Glenn Gamboa writes about music for Newsday.
Demi Lovato's Neon Lights Tour is as much about esteem-building as it is pop music.
Even before she took the stage at Nassau Coliseum Tuesday night, her surrogates were delivering her thoughts about believing in yourself and striving to be an individual.
In introducing her piano ballad "Warrior," she told her crowd how proud she was of them, especially those who had survived many of the same issues she had, including being bullied and self-harm.
"No matter what you're dealing with, you can make it through," she said. "You deserve to be happy."
That even applies to her, celebrating being part of the Oscar-winning soundtrack to "Frozen" by singing "Let It Go."
It's Lovato's personality and history that set her apart. As strong as her voice is, it's magnified by her fans who sing every word with her. The massive chorus counters the dance-pop thump used in anthems like "Really Don't Care" and "Made in the USA," where she let the crowd take the highest notes.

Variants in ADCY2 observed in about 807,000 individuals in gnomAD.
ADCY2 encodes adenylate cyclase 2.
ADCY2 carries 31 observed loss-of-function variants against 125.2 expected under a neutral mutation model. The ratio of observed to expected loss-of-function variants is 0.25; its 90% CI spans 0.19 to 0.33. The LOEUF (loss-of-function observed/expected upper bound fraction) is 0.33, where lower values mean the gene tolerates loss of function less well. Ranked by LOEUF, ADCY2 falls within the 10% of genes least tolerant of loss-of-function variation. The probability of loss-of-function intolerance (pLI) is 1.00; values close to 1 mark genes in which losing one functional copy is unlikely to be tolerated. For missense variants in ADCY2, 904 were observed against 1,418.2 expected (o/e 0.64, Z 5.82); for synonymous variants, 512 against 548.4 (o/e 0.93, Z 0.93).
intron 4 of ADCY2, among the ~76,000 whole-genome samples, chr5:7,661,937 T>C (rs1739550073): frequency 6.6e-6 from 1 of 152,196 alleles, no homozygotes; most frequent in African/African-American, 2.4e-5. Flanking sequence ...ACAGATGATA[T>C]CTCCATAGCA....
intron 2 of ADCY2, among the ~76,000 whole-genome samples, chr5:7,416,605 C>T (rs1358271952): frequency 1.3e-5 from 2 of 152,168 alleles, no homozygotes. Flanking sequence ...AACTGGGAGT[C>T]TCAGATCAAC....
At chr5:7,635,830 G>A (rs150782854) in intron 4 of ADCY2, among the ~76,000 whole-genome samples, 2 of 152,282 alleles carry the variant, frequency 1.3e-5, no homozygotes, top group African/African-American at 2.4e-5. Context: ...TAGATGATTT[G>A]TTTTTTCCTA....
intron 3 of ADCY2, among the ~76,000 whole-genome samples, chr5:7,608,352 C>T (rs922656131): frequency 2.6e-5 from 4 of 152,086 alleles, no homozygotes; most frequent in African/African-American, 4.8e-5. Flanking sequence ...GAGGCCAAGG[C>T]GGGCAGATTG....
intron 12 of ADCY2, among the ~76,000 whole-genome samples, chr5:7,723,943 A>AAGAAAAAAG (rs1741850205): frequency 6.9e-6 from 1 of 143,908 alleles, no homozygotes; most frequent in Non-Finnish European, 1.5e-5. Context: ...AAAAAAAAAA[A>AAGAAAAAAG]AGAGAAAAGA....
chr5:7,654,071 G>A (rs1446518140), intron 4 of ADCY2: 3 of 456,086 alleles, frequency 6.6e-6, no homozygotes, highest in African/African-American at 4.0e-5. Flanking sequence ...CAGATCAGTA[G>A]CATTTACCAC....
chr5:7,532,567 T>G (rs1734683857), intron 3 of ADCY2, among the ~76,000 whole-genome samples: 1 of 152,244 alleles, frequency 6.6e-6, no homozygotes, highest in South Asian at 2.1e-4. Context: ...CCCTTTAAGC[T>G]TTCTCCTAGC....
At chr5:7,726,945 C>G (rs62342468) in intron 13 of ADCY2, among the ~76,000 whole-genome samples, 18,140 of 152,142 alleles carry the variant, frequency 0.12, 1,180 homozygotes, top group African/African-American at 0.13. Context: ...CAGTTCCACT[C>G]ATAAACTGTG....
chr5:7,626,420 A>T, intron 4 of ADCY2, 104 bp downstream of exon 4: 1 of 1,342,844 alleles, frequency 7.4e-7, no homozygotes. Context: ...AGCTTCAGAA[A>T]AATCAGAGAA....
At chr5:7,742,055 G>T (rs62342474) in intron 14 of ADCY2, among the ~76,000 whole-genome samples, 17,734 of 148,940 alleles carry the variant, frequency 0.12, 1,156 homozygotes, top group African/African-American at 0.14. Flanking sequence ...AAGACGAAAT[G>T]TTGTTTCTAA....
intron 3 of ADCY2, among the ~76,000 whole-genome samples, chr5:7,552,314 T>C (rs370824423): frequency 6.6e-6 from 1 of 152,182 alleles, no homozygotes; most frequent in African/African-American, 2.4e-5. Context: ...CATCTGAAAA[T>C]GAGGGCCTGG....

Lovato is actually more effective in her quieter moments, backed only by her acoustic guitar in "Catch Me."
She explained how she specifically wanted to do the ballad "Nightingale" at Nassau Coliseum to "create positive memories" of the place. On her last trip to the Coliseum during the "X Factor" auditions last year, her final memory was getting the phone call telling her that her father had passed away.
Her fans certainly enjoyed themselves, many holding up their phones during "Neon Lights" and sheets of paper stating how long they've been sober during "Skyscraper."
Hopefully Lovato got the positive memory she wanted, too.